I am excited today to bring the first guest on the blog for January’s feature focusing on historical fiction. Today, blogger Melissa Beck from The Book Binder’s Daughter is taking over!

What makes a successful historical fiction novel?

One of my favorite genres to review on my blog is historical fiction.  I started reading historical fiction several years back when I picked up Phillipa Gregory’s novels about Henry VIII and the Tudors Dynasty.

What, exactly, constitutes an historical fiction novel?   For me it is really any book that puts the reader in the mindset of a previous period of time and era.  Some books are obviously historical fiction, like those set in 19th century Britain, or during World War II.  But what about a book that is set in the 1980’s or 1990’s?  Would that be considered historical fiction as well?  I would answer yes to this question because during those two decades there were no cell phones with texting, no computers with internet, or e-mail.  Without all of these advancements, especially in technology, we are indeed reminded of a different era in time.

What makes an historical fiction novel a great read?  Like any other book, an historical fiction novel should have interesting characters with which one can sympathize, no matter what the setting.  The plot should also be interesting and contain themes that will keep the reader thinking long after the last page is finished.   An historical fiction novel will stand out, in my mind, if it makes the reader want to know more about the time period in which it is set.

21894404For example, this summer was the anniversary of the centenary of World War I, so I decided to read and review a series of historical fiction books set during The Great War.  I chose 6 novels, all with different settings that also highlighted various countries that were involved in the conflict.  I learned a great deal about World War I and I kept researching various aspects of the war which these books brought up.

One of the best I read was The End of Innocence by Allegra Jordan.  It focused on a group of Harvard students from different countries who were called to fight when war broke out.  Even though these young men were friends and classmates at school, when they were called to fight for their respective countries they became enemies on the battlefield.  History books tend to focus on dates and numbers and facts; but this novel gave me a deeper appreciation for the sacrifices that these soldiers, these human beings, made when going off to war.

I have to end my post with a mention of the best historical fiction novels I have ever read.  It is actually a series of two books written by Stuart Shotwell:  Edumund Persuader and Tomazina’s Folly.  They are both set in England in the early 19th century.  These books are the perfect storm of historical fiction greatness with memorable characters, engaging plots and interesting themes.  They explore topics such as love, marriage, redemption, forgiveness, and pride just to name a few.  They will not only make you appreciate the setting of 19th century England, but they will also make you become more contemplative about your own life in the 21st century.  I invite you to stop by my blog and read the full reviews of these books as well as the plethora of other great historical fiction novels I have reviewed.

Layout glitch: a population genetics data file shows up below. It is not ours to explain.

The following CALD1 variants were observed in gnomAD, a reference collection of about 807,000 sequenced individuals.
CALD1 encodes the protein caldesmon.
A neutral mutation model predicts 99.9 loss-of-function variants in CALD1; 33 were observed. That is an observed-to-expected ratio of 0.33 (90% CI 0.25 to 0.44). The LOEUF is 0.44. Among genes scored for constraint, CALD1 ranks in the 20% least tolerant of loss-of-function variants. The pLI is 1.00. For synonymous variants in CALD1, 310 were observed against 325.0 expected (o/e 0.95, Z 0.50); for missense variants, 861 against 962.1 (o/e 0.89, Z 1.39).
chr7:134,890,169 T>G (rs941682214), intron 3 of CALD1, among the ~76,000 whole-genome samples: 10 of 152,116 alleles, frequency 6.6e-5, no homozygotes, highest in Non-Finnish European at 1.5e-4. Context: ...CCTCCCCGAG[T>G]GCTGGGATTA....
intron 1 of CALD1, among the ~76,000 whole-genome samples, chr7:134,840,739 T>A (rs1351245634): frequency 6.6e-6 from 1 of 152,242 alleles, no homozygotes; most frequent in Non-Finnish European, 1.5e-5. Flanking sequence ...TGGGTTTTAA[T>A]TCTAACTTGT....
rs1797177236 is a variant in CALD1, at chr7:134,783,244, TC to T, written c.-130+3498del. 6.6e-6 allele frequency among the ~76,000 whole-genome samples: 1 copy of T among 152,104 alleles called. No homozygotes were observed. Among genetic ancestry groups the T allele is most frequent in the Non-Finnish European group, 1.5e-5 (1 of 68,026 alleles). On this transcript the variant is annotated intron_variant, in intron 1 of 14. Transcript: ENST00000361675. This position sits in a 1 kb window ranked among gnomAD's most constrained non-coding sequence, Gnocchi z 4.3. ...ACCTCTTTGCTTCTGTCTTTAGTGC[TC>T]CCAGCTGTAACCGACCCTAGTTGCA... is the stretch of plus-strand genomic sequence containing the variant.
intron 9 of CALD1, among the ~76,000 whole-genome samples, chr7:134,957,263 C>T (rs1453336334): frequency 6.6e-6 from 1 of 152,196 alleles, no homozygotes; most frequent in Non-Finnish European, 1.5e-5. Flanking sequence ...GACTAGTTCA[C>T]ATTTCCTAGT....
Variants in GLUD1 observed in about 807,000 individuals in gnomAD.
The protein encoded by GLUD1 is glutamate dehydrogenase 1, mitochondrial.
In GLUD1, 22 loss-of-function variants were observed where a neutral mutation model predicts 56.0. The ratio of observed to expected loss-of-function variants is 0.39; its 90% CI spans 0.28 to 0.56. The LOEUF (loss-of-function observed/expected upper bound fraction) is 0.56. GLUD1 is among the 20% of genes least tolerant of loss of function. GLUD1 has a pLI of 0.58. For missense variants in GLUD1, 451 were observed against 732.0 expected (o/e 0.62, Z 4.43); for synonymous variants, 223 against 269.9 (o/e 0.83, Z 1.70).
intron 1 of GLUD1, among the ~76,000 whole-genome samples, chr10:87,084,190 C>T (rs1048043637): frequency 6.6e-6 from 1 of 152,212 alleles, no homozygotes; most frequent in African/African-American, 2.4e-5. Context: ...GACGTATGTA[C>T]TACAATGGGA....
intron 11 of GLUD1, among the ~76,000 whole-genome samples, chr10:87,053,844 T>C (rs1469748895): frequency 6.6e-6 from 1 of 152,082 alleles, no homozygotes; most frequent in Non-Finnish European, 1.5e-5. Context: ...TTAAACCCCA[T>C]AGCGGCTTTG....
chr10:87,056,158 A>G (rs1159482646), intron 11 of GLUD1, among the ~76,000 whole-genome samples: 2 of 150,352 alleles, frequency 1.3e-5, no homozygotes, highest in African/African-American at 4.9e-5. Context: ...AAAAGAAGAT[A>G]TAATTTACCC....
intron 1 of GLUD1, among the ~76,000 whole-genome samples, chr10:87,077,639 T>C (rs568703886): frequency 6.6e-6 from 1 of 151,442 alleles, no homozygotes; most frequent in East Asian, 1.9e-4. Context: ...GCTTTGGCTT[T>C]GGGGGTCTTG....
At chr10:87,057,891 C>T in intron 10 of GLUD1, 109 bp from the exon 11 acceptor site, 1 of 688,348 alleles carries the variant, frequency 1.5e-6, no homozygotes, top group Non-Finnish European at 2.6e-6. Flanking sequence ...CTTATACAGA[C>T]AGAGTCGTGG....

***** About the Blogger *****

 ~ Melissa Beck ~

~ The Book Binder’s Daughter ~

profile-picture2-e1403752257961I am a High School Latin/Ancient Greek/History teacher, avid reader, N.Y. Giants fan, and Rush (as in Canadian Prog. rock) fan. Some might say that my reading choices are rather eclectic.  I enjoy reading a wide range of books from Classics to historical fiction, to history and travel writing.  I especially like to support small press and indie authors.

I read serious literary fiction with well-developed characters, mellifluous prose and an interesting plot.  The philosophy behind my blog is threefold; I spread the word about books through my reviews to readers who are likeminded, I give away books to my readers to spread around the enjoyment of good books. Lastly I believe it is important to help authors connect a bit more with their readers through interviews and guest posts.

The best way for me to enjoy a good book is with a cup of Chinese black tea, steeped with the correct temperature of hot water and for just the right amount of time and finished off with a splash of raw milk.

My father was a book binder for 44 years, so yes, I actually am the “Book Binder’s Daughter.”

Find Melissa: Blog | Bloglovin | Facebook | Twitter

Guest Review: The Paper Bag Christmas

Hello everyone!  My name is Krystal and I’m the blogger behind Books Are My Thing.  My favorite genre is fantasy, but I like to read a little bit of everything.  When Charlie posted that she wanted to do a Christmas theme for December, I knew just the book to write about.